“The infrastructure plan gives it more bite,” says Owens-Chaplin. “State governments are not only being held accountable by their community, now we have the administration calling for this kind of restorative justice. New York state can be a great example if we can get them to think outside the scope of just laying slabs of concrete down and really start thinking about restoring the community.”
The NYCLU, which had dedicated additional resources and staff to the I-81 project in 2018, incorporated voluminous feedback from the community to outline a vision for the revitalization project that this time honors the people’s needs. It urged the New York State Department of Transportation to transfer any developable land to a community land trust controlled by the residents, maintain meaningful economic and environmental safeguards for those living along the viaduct during and after construction, and take a reparative approach that works to close the wealth gap and reconnect fragmented parts of the community.
Additionally, along with coalition partners CNY Solidarity Coalition and Urban Jobs Task Force, the NYCLU has pressured NYSDOT and local trade unions to commit to racial equity in hiring so that local community workers benefit from the thousands of construction jobs created by the I-81 project. Meanwhile, Rufus helps residents understand their rights and contribute their voices to the process, liaising with the DOT, the Board of Education, the mayor’s office, and the Syracuse Common Council. “Three years ago,” says Owens-Chaplin, “DOT wasn’t talking about equity or restorative justice or how can we repair the community. Today, they are talking about it. So there is progress.”
The draft environmental impact statement NYSDOT released in July included key changes to the preferred community-grid version of the I-81 revamp. Air-quality monitoring systems will now be placed around houses nearest the construction. And, of key importance, a land use working group will be created so that local leaders and residents have a prominent voice in making sure the 10 to12 acres freed up by the viaduct’s removal are used in a way that benefits the existing community, whether through local business development, affordable housing, or usable green spaces.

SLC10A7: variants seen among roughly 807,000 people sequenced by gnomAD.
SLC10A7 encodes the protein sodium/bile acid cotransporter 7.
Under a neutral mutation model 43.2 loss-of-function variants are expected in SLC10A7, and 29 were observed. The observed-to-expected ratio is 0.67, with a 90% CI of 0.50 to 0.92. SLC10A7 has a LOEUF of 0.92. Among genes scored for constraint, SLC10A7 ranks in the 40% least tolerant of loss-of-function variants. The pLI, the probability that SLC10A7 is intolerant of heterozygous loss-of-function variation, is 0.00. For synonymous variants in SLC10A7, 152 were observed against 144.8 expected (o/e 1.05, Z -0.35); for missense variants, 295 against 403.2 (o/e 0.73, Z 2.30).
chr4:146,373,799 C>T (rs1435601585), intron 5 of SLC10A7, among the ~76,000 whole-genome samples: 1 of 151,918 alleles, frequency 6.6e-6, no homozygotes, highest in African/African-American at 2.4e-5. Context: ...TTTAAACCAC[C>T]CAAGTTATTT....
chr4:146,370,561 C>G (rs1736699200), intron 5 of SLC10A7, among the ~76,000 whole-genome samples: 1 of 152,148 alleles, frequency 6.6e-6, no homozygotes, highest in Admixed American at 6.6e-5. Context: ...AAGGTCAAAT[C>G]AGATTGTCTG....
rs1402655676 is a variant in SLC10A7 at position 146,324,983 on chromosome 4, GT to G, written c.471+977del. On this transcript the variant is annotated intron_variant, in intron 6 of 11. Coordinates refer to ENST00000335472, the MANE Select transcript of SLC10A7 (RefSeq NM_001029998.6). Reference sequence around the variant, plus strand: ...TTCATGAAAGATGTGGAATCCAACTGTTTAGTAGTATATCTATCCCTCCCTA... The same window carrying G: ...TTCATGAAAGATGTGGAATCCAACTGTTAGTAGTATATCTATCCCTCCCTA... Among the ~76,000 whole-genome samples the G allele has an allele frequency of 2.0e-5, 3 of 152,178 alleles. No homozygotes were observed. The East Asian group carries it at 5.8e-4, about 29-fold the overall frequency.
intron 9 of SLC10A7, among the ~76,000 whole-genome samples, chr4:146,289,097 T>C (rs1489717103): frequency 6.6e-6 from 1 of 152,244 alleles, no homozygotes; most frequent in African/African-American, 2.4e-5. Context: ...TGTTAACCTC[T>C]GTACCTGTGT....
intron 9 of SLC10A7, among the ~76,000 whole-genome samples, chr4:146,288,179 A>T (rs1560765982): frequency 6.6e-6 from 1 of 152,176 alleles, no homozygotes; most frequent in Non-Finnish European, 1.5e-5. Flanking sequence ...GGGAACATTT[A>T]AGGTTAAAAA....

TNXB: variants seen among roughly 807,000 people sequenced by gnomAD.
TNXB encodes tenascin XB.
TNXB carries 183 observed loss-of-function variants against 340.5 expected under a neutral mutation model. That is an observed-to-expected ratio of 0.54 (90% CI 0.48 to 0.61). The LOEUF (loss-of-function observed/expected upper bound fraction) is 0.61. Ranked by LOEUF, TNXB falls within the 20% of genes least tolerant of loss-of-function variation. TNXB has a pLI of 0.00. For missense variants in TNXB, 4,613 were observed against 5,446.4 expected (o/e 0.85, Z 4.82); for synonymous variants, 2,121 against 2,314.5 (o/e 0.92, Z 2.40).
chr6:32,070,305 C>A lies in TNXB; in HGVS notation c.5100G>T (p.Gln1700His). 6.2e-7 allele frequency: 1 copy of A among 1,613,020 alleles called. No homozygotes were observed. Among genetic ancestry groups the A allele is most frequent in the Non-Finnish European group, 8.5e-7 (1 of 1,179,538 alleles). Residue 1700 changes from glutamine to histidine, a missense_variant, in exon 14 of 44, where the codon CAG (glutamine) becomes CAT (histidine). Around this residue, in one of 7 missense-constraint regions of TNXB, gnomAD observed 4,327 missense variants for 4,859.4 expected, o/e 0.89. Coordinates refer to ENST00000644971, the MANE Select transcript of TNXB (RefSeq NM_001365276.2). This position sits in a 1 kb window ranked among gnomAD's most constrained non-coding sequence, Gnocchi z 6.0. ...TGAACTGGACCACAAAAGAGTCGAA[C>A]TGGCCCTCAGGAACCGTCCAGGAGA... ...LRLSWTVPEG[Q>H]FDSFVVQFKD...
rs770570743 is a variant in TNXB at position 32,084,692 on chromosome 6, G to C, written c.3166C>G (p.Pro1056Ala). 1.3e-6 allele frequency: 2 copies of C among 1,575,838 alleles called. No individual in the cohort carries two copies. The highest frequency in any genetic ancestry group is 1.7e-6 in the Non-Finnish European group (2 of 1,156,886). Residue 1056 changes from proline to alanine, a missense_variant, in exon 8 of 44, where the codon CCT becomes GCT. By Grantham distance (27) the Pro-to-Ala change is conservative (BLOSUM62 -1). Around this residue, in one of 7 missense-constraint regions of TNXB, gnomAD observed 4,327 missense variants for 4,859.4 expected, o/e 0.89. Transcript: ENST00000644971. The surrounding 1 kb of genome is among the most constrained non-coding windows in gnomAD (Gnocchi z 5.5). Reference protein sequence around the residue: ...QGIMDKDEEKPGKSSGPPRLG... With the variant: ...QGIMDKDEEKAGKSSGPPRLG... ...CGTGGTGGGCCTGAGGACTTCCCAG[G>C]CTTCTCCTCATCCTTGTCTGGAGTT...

Last September, a group largely composed of white suburban residents known as “Renew 81 For All” filed a legal challenge against NYSDOT, attempting to halt the development of this preferred community-grid option and advocating for a larger highway instead. NYCLU filed an amicus brief against the group’s challenge, and the case is currently up for appeal in the state’s 4th department.
“The biggest point of the effort is holding the government accountable,” says Owens-Chaplin. “That’s what the big fight is here in Syracuse. It’s easy for them now, 60 years later, to recognize the damage they’ve done, but they’re still not doing what they need to do to restore the community.”